NFL owners, players finding the same page
(TSX / STATS) -- NEW YORK -- It appears as if the main thing to come out of Tuesday's meeting between NFL players and owners was mutual respect.
Many owners acknowledged the players' right to protest and what they are protesting about, and seem willing to effect change in whatever form that may take in their respective communities. The players seemed appeased by having the owners at least hear them out on these topics, and in the owners' willingness to continue the conversation in later meetings.
Commissioner Roger Goodell, at the conclusion of the league's fall meetings Wednesday afternoon, reiterated his stance that he hopes every player will stand for the national anthem. League bylaws state players "should" stand for the anthem, but no mandate to do so will be put into place, Goodell said Wednesday.
President Trump is unhappy with that news. Early Wednesday morning, he tweeted, "The NFL has decided that it will not force players to stand for the playing of our National Anthem. Total disrespect for our great country!"
San Francisco 49ers owner Jed York said Tuesday the owners and players should "block out the noise" coming from the President so that they can focus on the issues, but some fans agree with Trump and are boycotting NFL games.
Fans on the other side have also boycotted the league, upset that Colin Kaepernick, who began the anthem protest last year, is still out of a job while players they view as inferior to him are being picked up. Kaepernick filed a grievance with the league Sunday, stating the owners have colluded to keep him out of the league.
It's possible the sentiments on both sides have led to a slight downturn in the NFL's TV ratings, which have dropped 7.5 percent through the first six weeks of the season compared to last year, according to ESPN.
"I understand how our fans feel about this issue, and we feel the same way," Goodell said, agreeing with those who want all players to stand, adding that the national anthem "is an important part of our game."
Insofar as that stance goes, Goodell said he doesn't want to delve further into a political conversation and hasn't contacted the President about the matter.
"What we're trying to do is get people back focused on football," he said.
While the owners and players are seeking compromise, "there isn't a quid pro quo," according to Giants owner John Mara, who added that he wants his players to continue standing for the anthem, and that the majority of people he hears from on this issue feel the same.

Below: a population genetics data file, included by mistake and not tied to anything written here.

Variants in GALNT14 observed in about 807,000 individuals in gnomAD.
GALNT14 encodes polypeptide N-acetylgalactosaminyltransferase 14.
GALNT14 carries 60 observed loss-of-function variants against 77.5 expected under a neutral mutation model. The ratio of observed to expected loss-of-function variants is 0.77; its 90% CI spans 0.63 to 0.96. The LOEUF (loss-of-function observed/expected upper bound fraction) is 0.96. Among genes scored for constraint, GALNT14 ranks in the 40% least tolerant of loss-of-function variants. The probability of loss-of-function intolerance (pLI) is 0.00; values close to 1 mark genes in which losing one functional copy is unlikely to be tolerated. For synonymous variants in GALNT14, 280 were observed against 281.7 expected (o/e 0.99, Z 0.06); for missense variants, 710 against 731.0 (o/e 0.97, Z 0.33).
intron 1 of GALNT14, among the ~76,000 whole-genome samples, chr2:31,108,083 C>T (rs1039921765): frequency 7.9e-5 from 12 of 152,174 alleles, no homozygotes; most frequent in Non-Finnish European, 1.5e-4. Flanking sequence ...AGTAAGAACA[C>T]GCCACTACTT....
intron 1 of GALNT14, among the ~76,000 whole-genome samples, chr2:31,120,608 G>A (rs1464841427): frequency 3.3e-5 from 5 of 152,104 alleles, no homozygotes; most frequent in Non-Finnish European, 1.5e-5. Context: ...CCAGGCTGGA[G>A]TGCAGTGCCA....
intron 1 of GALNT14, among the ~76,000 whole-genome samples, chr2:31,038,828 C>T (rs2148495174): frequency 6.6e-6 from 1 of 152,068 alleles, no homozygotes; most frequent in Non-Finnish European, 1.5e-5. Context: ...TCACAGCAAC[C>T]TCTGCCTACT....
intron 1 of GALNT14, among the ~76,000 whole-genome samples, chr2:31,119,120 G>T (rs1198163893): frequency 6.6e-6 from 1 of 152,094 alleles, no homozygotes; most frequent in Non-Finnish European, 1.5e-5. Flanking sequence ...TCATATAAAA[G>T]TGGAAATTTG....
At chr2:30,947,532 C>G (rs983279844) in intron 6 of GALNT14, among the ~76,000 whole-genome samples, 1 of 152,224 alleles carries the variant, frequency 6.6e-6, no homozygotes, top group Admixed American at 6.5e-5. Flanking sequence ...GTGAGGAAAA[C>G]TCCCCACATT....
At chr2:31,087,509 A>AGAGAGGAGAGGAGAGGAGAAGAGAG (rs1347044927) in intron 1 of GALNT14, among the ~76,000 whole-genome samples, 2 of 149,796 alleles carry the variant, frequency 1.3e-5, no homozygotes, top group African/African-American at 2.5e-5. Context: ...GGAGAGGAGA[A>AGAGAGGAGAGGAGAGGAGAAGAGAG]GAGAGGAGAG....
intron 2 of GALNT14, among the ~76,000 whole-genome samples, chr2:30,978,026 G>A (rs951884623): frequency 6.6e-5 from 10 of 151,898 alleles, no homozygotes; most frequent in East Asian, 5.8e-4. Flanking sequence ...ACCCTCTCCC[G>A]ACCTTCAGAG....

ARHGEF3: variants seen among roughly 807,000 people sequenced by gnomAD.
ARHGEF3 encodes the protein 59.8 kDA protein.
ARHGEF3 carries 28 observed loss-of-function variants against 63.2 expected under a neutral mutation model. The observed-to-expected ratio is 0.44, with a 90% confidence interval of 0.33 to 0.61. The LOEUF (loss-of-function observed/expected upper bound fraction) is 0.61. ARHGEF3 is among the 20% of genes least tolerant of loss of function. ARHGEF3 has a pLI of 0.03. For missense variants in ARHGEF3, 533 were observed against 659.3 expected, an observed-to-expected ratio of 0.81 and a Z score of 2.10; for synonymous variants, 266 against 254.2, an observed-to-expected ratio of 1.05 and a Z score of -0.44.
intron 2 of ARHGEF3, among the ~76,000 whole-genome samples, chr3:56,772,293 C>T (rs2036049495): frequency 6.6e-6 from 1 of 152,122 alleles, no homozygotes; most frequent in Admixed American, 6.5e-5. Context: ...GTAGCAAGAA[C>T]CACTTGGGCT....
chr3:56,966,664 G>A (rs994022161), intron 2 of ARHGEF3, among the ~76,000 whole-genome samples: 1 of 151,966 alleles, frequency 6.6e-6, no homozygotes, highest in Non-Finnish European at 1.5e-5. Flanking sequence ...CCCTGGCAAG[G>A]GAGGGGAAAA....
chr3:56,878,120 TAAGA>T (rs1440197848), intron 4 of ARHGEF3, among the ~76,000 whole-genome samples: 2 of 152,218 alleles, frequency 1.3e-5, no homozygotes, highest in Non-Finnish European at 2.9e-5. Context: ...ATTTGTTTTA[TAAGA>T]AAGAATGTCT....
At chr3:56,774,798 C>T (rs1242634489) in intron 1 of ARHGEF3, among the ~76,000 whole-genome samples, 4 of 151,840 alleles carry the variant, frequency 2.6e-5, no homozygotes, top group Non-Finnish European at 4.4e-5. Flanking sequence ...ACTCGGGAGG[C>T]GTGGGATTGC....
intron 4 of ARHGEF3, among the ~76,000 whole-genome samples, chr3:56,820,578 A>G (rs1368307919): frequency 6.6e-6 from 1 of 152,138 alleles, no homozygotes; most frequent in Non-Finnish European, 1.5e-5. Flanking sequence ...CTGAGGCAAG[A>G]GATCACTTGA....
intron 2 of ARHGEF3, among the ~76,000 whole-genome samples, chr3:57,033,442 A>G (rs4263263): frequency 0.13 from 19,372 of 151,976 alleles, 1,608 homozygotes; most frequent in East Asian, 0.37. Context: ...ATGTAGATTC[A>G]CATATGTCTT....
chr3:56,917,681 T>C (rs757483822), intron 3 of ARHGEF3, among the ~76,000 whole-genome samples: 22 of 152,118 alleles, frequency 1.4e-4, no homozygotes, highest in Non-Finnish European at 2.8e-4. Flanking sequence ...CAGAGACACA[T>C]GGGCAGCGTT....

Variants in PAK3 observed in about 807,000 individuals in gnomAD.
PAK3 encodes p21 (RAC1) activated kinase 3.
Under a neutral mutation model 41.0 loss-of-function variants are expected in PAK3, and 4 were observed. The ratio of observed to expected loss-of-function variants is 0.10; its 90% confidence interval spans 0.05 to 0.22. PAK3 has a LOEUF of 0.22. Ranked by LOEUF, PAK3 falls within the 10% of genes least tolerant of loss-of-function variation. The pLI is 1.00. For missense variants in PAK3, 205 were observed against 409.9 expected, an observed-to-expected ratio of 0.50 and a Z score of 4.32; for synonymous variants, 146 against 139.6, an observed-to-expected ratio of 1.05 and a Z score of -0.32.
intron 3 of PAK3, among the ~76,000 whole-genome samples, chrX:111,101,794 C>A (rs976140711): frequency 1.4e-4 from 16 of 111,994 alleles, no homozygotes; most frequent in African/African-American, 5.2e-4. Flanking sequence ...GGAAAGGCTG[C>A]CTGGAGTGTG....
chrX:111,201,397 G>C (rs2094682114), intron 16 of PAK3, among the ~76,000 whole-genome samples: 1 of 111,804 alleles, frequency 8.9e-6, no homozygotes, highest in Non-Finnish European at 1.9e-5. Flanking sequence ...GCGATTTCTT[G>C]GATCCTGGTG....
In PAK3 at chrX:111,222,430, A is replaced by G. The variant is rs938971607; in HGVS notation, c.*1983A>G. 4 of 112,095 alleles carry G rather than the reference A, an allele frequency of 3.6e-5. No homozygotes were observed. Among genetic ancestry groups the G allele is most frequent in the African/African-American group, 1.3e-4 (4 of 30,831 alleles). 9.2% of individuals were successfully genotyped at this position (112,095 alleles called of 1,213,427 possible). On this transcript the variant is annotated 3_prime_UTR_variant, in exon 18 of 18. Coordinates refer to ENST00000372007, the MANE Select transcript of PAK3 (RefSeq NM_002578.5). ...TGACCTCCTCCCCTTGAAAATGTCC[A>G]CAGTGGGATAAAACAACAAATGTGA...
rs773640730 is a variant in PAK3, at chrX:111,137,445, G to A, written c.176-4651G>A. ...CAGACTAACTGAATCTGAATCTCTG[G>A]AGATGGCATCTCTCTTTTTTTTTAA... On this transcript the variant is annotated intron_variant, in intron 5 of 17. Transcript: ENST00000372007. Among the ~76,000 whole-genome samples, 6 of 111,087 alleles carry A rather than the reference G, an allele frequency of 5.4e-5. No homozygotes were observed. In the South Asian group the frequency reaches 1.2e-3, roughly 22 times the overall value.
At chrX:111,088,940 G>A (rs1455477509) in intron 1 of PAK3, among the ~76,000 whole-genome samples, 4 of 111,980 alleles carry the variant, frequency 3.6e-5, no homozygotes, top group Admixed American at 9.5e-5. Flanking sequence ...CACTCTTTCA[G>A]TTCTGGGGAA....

So now it'll be up to each individual team on what to do, if anything, about protesting players.
Cowboys owner Jerry Jones said last week he would bench any player who kneeled for the anthem, but that claim doesn't appear to have much teeth.
Will any players call his bluff? If so, it remains to be seen what will be done at the league level. When asked about the potential for that situation Wednesday, Goodell said he "can't deal with hypotheticals."
York, like most of the other owners who made their stances known, said Tuesday he wouldn't punish players for kneeling, and 49ers safety Eric Reid already said he'll continue to do so.
Goodell said only "about six or seven" players have been protesting, but his count likely only includes players who took a knee during the anthem. Others, like Russell Okung of the Chargers and Malcolm Jenkins of the Eagles, have raised their fist, while others, like Kenny Stills, Michael Thomas and Julius Thomas of the Dolphins, remained in the locker room until the song was over this past weekend.
Despite the ongoing protests, some players view the owners even sitting down to hear them out as progress.
Though now retired, Anquan Boldin sat in with the players at Tuesday morning's meeting and said to ESPN's Jim Trotter on Wednesday the owners told them "they were doing the American thing by protesting peacefully."
"These are things that we had never heard from owners before," Boldin added.
Players and owners will have a follow-up meeting on Oct. 31 to continue the conversation on social issues and how they can support those causes, ESPN's Dan Graziano reports, who added "the expectation is that such meetings will continue on a regular basis for the foreseeable future."
"We're not afraid of the tough conversations," Goodell said. "That's what we had yesterday."
Updated October 18, 2017